And so we went with the option that provides the user with the greatest flexibility. Based on the considered opinion of audio professionals, and comments from members of this group, we chose the intermediate-miking.

    This forum is great and has been one of the driving forces behind GOS and I always appreciate the suggestions of this group. The ambience issue has been thoroughly researched, discussed with leading experts, and I consulted with this forum when developing the library. Back in December of 2000, we had a discussion about this issue: http://www.northernsounds.com/ubb/NonCGI/Forum3/HTML/000567.html And I asked for your opinions about the wet/dry issue and explained the options. Of those who responded to my queries, it seems that most wanted to control the acoustic space.

    Here\'s a recap of some of the posts:

    Marty writes: \"dry is my preference. I can verb it up in the mix.\"
    Chou writes: \"I sure like to have a string ensemble sample with natural ambience….\"
    Damon writes: \"… I can always add verb to the dry samples. Besides, I\'d love to hear the real authenticity of the sound anyway.\"
    Chadwick writes: \"I\'d much prefer the sound of the strings with their real ambience…\"
    Simon Ravn writes: \"Either they should be dry, or you should have both. Having only samples with reverb would make me think more than twice about buying the library….\"
    Chris Beck writes: \"I prefer ambient samples, but I guess I\'m in the minority there…\"
    Laurence writes: \"I hate recorded ambience on samples!!”
    Stonzthro writes: \"Gary, why don\'t you offer both libraries, with the hall as an upgrade.\"

    The most effective approach was to use the “intermediate miked” recordings, which afford an intimate sound, not too close, not too far, but far enough to provide some ambience and natural instrument resonance, yet dry enough to give you control over the soundscape. Although we knew this would not please everyone, it gave our users the most flexibility. We are confident that we made the right decision.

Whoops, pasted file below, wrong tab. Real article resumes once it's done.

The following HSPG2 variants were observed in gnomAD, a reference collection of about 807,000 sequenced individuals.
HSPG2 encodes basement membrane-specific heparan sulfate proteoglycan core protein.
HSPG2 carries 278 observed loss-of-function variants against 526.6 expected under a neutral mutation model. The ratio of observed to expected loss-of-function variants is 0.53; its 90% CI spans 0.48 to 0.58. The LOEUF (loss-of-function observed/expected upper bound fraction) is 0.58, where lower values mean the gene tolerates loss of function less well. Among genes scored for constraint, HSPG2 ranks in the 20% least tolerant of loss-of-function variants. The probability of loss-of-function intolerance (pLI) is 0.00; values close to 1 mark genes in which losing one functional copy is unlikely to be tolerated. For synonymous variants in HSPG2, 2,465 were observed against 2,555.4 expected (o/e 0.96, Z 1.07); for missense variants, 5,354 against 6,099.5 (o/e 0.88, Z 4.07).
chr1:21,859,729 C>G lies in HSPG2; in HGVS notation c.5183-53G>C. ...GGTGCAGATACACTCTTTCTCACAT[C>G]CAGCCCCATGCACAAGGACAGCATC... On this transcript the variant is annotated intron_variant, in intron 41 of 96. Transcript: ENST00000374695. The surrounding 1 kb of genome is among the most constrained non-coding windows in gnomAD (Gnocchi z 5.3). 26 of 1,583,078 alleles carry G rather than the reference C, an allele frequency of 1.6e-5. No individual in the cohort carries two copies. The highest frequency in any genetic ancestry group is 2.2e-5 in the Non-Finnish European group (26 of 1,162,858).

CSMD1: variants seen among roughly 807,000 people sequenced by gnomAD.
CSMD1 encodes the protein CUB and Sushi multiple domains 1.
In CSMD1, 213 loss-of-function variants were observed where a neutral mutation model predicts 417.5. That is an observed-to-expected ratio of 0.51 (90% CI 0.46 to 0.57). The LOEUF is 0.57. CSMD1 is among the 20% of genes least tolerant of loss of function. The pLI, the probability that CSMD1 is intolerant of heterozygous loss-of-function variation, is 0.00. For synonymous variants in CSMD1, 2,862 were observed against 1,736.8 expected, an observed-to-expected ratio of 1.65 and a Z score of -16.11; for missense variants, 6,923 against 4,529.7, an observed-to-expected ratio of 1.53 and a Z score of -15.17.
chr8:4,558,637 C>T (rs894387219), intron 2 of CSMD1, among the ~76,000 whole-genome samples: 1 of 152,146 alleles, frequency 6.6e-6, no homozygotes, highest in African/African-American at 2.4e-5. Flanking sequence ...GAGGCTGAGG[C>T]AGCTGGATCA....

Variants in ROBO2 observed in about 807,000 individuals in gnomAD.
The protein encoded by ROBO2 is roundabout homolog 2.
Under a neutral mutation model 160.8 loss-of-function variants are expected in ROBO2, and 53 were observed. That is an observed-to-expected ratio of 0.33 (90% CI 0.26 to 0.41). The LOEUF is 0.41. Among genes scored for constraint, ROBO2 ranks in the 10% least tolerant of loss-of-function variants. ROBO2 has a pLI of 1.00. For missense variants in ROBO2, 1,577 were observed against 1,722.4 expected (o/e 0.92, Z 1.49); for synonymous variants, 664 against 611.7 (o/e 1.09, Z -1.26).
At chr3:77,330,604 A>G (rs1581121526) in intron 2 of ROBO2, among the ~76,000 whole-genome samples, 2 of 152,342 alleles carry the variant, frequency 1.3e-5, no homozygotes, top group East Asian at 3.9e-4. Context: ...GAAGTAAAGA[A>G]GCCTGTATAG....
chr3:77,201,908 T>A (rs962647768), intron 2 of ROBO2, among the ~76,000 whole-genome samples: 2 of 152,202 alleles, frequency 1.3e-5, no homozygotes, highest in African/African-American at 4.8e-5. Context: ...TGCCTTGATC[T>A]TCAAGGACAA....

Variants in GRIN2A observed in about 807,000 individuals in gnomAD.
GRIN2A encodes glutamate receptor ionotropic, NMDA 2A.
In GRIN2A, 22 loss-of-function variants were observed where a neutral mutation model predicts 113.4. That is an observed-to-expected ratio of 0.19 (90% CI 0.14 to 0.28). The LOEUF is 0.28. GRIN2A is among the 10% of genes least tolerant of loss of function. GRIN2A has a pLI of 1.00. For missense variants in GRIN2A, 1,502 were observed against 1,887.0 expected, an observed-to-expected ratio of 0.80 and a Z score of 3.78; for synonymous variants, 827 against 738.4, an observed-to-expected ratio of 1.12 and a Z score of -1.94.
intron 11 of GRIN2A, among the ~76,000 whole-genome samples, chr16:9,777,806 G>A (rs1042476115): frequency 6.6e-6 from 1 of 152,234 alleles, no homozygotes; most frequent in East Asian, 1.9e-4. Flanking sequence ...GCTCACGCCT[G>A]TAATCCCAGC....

For those who require more ambience, there is a wide array of tips and techniques to create realistic spaces, despite arguments to the contrary. We can discuss how to do this. Listen to some of the demos Simon, Jeremy Soule and others created to make these strings sing in a great place (see www.garritan.com/mp3.html You can hear for yourself the spaciousness that can be achieved.

    Since GOS was designed to be an evolving and updateable library, we can offer even more options and bonuses:

    1. We can provide release samples of the ambience in an update.
    2. We can always use the far-miked samples and offer two versions of the library.
    3. We could provide the Impulse Responses of the hall to use in Altiverb, Acoustic Mirror, etc. This technology is making great strides and new developments in this field make this a very attractive addition.

    My primary concern is quality and service to the Maestros. In the end, our commitment is to give you the very best, and all the tools you need. You, the users, are worth it, and your support will continue to be rewarded with upgrades and excellent service.

    Gary Garritan

    [This message has been edited by Garritan (edited 01-31-2002).]

  2. #2

    Re: GOS and the Wet/Dry Debate

    I would be curious to hear what the far-mic\'d samples sound like whenever you get some free time Gary .